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Summation 2008 Ellen Datlow 1
Cargo E. Michael Lewis 35
If Angels Fight Richard Bowes 47
The Clay Party Steve Duffy 71
Penguins of the Apocalypse William Browning Spencer 87
Esmeralda Glen Hirshberg 109
The Hodag Trent Hergenrader 125
Very Low-Flying Aircraft Nicholas Royle 135
When the Gentlemen Go By Margaret Ronald 145
The Lagerstätte Laird Barron 153
Harry and the Monkey Euan Harvey 177
Dress Circle Miranda Siemienowicz 189
The Rising River Daniel Kaysen 197
Sweeney among the Straight Razors JoSelle Vanderhooft 211
Loup-garou R. B. Russell 213
Girl in Pieces Graham Edwards 221
It Washed Up Joe R. Lansdale 241
The Thirteenth Hell Mike Allen 243
The Goosle Margo Lanagan 245
Beach Head Daniel LeMoal 257
The Man from the Peak Adam Golaski 267
The Narrows Simon Bestwick 279
Honorable Mentions 311
About the Authors 315
Posted October 25, 2013
** spoiler alert ** 4.5 stars
Overall, this was a very good collection of horror stories, with a nice variety of both supernatural and psychological monsters. It's worth reading just for the stories by Laird Barron, with whom I was already familiar, and Gary McMahon, who is now on my "authors to watch" list. My rating and review of each story appear below.
Nikishi, by Lucy Taylor: 2.5 stars. An utterly predictable tale of a bad guy finding out that there are worse monsters in the world than he is.
Little America, by Dan Chaon: 4 stars. A post-apocalyptic tale, involving mutated children similar to werewolves. I liked the way Chaon brought his post-apocalyptic world down to the human level, where one old man is trying to save one child, while that one child is trying to hold onto his humanity.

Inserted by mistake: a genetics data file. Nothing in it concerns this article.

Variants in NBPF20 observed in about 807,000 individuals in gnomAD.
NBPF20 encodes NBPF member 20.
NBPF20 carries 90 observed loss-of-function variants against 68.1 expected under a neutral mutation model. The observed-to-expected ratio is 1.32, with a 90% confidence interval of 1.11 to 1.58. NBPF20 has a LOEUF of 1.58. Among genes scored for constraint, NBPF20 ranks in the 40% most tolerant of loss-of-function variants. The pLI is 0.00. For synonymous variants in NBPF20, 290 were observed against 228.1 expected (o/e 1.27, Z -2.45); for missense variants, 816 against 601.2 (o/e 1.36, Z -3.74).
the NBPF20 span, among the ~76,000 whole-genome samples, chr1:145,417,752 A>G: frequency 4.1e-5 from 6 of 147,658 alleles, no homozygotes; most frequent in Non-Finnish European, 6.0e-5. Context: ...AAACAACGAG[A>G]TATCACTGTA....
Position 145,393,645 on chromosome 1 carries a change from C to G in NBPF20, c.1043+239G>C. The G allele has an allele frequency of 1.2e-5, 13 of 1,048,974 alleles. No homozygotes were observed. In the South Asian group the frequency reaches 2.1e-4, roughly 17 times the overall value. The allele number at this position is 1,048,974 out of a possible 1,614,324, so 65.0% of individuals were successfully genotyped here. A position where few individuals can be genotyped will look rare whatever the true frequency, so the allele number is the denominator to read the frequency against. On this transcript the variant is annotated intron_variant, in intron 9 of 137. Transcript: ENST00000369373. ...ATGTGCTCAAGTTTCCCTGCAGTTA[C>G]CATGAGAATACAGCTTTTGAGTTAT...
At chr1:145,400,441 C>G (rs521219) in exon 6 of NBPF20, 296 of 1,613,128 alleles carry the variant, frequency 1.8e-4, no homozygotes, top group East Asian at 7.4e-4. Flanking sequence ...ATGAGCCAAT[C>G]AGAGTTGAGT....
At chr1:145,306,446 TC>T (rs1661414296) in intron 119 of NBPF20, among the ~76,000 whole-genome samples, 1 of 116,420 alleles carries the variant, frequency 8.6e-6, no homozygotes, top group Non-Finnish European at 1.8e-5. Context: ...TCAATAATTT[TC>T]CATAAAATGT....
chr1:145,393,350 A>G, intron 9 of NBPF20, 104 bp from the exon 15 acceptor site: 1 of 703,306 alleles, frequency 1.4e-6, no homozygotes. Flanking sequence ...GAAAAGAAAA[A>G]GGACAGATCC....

A Natural History of Autumn, by Jeffrey Ford: 3.5 stars. Introduces a supernatural entity with which I was not familiar, the Japanese Jinmenkin. There is an interesting twist at the end regarding that entity's motivation for its action.
Mantis Wives, by Kij Johnson: 1 star. Seemed to be using yoga positions or martial arts kata as metaphors for male/female relationships, but ultimately, I just didn't get it.
Tender as Teeth, by Stephanie Crawford and Duane Swierczynski: 4 stars. An apparently sympathetic portrayal of a former zombie. I would have given this story 4.5 stars; however, the sympathy the authors seemed to intend that the reader feel for Justine was destroyed in the last few paragraphs, leaving me feeling betrayed.
The Callers, by Ramsey Campbell: 4.5 stars. A story of strange and indistinct rituals which manages to build dread through the unlikely device of bingo rhymes. I spent the entire story trying to interpret what those rhymes meant for Mark, and although the ending didn't resolve that question for me, the juxtaposition of the bingo game and the menace of the women's behavior was nevertheless satisfying.
Two Poems for Hill House, by Kevin McCann: 1 star. Simply didn't get them, although I have to admit that poetry has never been particularly attractive to me.
Mariners' Round, by Terry Dowling: 5 stars. I am always amazed by stories which recognize the hidden creepiness of carousels. I liked the way in which the theme of circles appeared throughout the story.
Nanny Grey, by Gemma Files: 3 stars. An average story of a bad guy getting his comeuppance from a girl who wasn't exactly what she seemed to be.
The Magician's Apprentice, by Tamsyn Muir: 3 stars. An average story in which human sacrifice is used to power magic.
Kill All Monsters, by Gary McMahon: 5 stars. An excellent exploration from the wife's point of view of her husband's response to monsters, real or imagined.
The House on Ashley Avenue, by Ian Rogers: 5 stars. A wonderful haunted house story involving a paranormal investigation group known as the Merefield Group. I would enjoy reading more stories involving the adventures of Merefield Group agents.